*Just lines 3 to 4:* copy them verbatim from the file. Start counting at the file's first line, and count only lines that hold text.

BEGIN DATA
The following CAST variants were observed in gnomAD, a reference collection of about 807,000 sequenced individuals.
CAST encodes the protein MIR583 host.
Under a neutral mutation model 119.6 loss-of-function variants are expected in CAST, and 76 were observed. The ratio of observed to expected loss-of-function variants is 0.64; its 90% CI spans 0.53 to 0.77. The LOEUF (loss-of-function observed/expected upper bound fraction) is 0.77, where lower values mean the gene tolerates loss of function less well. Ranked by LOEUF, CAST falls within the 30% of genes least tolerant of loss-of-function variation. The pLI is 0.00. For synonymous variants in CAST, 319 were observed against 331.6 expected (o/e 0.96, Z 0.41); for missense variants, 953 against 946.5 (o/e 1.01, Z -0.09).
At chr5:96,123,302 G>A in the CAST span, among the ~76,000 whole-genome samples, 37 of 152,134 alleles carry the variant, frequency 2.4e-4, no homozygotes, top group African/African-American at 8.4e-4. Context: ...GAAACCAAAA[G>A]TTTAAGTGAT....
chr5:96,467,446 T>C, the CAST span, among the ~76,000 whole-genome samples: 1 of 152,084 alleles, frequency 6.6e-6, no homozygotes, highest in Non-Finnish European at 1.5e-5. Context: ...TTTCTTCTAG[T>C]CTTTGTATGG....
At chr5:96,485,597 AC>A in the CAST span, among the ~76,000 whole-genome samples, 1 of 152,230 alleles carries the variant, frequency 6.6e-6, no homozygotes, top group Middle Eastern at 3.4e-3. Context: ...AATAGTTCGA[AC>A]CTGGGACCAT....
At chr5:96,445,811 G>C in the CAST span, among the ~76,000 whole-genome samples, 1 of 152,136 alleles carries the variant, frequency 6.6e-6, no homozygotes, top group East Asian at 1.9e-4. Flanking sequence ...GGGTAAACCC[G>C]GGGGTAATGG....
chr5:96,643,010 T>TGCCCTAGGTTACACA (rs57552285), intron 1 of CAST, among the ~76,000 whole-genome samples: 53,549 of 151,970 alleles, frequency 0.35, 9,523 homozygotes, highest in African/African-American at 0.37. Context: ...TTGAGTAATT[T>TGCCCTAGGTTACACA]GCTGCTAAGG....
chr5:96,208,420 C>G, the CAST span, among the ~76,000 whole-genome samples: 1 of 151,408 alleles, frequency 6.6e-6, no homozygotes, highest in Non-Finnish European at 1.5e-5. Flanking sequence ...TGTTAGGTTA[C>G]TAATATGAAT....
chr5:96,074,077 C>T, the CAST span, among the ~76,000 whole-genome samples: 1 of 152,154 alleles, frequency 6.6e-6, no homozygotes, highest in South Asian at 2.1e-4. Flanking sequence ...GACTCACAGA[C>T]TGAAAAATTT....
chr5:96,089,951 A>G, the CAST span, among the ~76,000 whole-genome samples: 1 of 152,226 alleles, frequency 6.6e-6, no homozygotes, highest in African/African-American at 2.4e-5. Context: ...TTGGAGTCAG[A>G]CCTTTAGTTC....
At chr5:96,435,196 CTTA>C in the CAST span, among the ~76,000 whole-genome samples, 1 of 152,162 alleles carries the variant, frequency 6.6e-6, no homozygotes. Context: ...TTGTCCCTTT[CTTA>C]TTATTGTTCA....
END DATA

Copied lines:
Under a neutral mutation model 119.6 loss-of-function variants are expected in CAST, and 76 were observed. The ratio of observed to expected loss-of-function variants is 0.64; its 90% CI spans 0.53 to 0.77. The LOEUF (loss-of-function observed/expected upper bound fraction) is 0.77, where lower values mean the gene tolerates loss of function less well. Ranked by LOEUF, CAST falls within the 30% of genes least tolerant of loss-of-function variation. The pLI is 0.00. For synonymous variants in CAST, 319 were observed against 331.6 expected (o/e 0.96, Z 0.41); for missense variants, 953 against 946.5 (o/e 1.01, Z -0.09).
At chr5:96,123,302 G>A in the CAST span, among the ~76,000 whole-genome samples, 37 of 152,134 alleles carry the variant, frequency 2.4e-4, no homozygotes, top group African/African-American at 8.4e-4. Context: ...GAAACCAAAA[G>A]TTTAAGTGAT....